Between January 1 and September 30, 2021, California legislation mandated supplemental paid sick leave for specified COVID-related absences. (See Labor Code § 247 – 248.3) The legislation expired on September 30, 2021. On Tuesday, January 25, 2022, Governor Newsom and state lawmakers reached an agreement that will again require employers with 26 or more employees to provide eligible employees up to two weeks of supplemental paid sick leave to recover from COVID-19 or care for a family member with COVID-19. The details of the new program, which is part of a budget plan, must still be developed so the rules become more clear. The proposal is expected to be fast-tracked so it can be signed into law quickly.

Some of the features of the proposal and background are as follows:

1. Because it is intended to cover employers with 26 or more employees, smaller employers would be unaffected. They are nevertheless subject to the paid sick leave rules in Labor Code § 245 – 249 and California’s kin-care rules in Labor Code § 233 – 234. (See Section 12.13 of the Wage and Hour Manual For California Employers by Attorney Richard J. Simmons, Partner Sheppard Mullin.)

2. The proposal responds to the rapid spread of the Omicron coronavirus variant. It is intended to encourage employees with the virus to stay home and help slow transmission.

3. Employers must absorb the cost of the supplemental paid sick leave. However, separate proposals are expected to restore tax credits that were suspended and capped two years ago.

4. The new time off benefits are apparently in addition to “COVID exclusion pay.”

5. The proposal will require employers to provide up to 40 hours of flexible paid sick leave to full-time employees who are sick or caring for loved ones.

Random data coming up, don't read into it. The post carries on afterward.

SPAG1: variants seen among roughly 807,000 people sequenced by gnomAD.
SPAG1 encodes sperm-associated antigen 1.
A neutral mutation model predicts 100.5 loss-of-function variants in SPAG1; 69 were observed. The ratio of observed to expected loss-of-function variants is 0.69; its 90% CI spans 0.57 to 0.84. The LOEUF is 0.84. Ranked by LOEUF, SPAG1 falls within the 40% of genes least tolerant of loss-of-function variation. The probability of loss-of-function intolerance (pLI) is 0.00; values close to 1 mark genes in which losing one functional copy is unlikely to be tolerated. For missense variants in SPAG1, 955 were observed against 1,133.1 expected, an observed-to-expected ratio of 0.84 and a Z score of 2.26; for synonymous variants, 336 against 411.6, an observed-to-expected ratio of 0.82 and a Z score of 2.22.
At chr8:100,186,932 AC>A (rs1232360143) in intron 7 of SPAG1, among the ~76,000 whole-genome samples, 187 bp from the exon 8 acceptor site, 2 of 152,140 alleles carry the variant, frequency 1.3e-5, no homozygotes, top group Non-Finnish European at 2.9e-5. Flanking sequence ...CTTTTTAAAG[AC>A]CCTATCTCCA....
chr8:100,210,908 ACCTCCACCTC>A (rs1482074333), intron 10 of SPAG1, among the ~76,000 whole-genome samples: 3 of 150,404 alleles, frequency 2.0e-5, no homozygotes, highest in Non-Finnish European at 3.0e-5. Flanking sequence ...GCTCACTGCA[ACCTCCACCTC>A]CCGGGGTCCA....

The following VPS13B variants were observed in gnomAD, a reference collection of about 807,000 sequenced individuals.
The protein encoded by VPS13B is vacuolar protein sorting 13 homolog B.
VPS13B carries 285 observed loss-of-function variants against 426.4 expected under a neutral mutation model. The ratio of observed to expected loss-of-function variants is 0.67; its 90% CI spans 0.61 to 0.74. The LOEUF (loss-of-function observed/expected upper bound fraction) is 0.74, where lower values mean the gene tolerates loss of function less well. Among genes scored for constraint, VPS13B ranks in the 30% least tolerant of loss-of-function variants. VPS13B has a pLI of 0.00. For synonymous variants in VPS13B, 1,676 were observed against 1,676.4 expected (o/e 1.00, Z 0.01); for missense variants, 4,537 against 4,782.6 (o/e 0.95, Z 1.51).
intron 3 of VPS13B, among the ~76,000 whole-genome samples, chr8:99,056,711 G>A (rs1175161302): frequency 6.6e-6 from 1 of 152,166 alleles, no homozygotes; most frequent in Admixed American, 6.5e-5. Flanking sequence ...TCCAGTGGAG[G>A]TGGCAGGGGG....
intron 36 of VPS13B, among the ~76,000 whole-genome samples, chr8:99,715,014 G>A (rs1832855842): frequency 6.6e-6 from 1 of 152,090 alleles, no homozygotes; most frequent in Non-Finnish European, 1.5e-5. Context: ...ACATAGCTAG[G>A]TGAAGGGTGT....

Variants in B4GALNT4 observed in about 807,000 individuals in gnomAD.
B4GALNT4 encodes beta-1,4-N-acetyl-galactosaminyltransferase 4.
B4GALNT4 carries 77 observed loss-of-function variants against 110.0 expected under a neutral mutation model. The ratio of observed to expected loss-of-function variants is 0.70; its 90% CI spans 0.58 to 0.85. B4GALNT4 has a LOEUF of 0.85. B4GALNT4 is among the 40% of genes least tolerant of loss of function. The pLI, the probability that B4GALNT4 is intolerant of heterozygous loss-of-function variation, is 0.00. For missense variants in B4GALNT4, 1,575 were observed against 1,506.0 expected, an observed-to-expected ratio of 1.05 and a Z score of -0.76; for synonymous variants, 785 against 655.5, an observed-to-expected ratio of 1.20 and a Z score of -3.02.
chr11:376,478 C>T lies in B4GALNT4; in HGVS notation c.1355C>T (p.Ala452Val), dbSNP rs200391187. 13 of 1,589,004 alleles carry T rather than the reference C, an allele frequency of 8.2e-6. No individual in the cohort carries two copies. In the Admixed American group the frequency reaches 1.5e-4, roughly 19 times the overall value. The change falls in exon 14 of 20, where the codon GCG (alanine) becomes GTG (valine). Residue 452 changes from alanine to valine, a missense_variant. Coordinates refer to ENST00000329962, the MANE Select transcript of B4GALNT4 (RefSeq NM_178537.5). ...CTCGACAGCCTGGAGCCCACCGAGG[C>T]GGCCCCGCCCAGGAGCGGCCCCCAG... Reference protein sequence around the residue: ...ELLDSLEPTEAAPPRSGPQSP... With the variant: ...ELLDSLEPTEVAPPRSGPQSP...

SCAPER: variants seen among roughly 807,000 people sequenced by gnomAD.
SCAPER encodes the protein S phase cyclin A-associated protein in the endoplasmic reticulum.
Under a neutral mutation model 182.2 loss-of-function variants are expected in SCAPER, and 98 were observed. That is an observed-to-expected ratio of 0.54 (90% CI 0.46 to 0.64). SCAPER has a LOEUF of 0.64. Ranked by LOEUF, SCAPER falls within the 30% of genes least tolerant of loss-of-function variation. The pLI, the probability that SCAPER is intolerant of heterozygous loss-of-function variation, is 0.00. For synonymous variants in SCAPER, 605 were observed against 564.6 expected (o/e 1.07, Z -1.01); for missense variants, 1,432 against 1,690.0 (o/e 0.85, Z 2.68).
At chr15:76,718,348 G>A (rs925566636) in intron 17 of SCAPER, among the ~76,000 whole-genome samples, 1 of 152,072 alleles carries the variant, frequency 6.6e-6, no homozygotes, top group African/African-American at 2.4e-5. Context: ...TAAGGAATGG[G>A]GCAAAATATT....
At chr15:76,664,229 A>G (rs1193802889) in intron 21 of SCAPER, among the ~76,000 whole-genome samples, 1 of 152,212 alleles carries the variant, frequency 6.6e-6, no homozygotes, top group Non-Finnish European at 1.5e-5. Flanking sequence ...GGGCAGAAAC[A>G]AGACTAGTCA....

6. Employees could use up to three days of the paid sick leave to attend a vaccination appointment for themselves or family members and to recover from any symptoms after the vaccination. This provision is intended to make it easier for parents to immunize their children against the virus.

7. To qualify for the additional 40 hours of paid time off, employees must provide proof of a positive coronavirus test. This feature was not part of the 2021 law.

8. Part-time employees would be eligible for sick leave equal to the number of hours they typically work in a week or twice that amount with proof of a positive test.

9. The proposal will be retroactive. This will allow employees to obtain sick leave to cover coronavirus-related absences since January 1, 2022.

10. The legislation will remain in effect until September 30, 2022. It is, of course, possible that the expiration date will be extended at a later time.

11. The paid time off allows parents to stay home from work when their children are sent home from school due to illness or after being exposed.

12. When the prior law expired on September 30, 2021, employees were left with a state minimum of three paid sick days under the Healthy Workplaces, Healthy Families Act” discussed in Section 12.13 of the Wage and Hour Manual for California Employers. (The new 2022 edition will be available in February and will be featured as a textbook at Castle Publications upcoming Wage and Hour Laws Program scheduled for March 15, 2022).

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